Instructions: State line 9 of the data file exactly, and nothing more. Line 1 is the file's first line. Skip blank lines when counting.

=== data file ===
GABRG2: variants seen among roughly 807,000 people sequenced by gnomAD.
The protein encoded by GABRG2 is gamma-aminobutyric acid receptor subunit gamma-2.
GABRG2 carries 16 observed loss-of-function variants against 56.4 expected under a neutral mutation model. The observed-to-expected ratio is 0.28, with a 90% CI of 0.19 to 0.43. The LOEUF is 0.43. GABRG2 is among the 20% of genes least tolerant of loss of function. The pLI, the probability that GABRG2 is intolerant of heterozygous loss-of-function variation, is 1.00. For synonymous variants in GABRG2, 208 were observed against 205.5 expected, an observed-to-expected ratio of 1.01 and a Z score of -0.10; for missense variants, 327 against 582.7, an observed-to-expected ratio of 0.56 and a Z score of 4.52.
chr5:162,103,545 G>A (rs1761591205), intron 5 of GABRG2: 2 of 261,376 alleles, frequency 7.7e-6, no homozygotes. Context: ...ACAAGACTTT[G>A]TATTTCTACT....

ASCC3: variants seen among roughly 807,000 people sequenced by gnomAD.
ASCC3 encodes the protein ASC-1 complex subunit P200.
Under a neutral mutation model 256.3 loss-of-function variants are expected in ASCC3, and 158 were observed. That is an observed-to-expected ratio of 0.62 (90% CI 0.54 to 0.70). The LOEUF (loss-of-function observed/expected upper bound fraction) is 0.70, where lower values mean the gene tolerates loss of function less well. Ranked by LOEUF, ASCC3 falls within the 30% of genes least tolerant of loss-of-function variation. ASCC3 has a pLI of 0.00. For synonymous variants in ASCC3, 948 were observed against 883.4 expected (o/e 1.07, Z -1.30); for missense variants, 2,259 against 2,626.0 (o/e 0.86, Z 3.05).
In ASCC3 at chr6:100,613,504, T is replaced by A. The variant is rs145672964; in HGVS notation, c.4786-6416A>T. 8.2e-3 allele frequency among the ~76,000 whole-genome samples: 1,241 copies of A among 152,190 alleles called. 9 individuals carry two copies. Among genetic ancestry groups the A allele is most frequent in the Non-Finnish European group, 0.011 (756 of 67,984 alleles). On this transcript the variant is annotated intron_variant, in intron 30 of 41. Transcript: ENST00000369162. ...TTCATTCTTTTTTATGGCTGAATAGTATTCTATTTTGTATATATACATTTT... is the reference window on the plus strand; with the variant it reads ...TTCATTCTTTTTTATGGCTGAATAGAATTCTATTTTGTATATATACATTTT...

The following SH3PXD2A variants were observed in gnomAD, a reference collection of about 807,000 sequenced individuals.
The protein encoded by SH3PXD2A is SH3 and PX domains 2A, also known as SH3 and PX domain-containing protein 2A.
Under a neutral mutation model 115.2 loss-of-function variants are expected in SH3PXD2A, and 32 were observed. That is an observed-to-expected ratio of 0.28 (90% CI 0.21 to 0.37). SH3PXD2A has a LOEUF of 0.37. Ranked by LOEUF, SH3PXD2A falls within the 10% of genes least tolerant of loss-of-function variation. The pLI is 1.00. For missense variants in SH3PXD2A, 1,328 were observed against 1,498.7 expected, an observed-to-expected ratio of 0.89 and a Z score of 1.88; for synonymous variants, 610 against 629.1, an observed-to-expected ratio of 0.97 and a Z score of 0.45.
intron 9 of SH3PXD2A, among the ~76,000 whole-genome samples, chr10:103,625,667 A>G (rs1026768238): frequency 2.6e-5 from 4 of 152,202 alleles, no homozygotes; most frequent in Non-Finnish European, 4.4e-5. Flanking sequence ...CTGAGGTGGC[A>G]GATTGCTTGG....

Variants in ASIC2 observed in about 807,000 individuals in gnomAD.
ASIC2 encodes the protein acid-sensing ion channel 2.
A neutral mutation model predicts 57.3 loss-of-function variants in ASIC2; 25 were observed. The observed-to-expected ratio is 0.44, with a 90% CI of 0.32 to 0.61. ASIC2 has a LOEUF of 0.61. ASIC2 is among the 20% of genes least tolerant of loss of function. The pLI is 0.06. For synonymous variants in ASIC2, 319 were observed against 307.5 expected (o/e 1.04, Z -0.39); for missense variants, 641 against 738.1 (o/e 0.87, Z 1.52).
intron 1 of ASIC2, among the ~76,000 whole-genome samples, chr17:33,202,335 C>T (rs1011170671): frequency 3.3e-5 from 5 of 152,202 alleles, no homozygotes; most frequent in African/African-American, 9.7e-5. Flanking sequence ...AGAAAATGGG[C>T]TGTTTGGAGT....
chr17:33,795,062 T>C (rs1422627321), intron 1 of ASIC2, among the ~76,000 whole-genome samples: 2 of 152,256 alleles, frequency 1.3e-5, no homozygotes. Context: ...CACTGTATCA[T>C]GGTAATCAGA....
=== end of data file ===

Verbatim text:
The following SH3PXD2A variants were observed in gnomAD, a reference collection of about 807,000 sequenced individuals.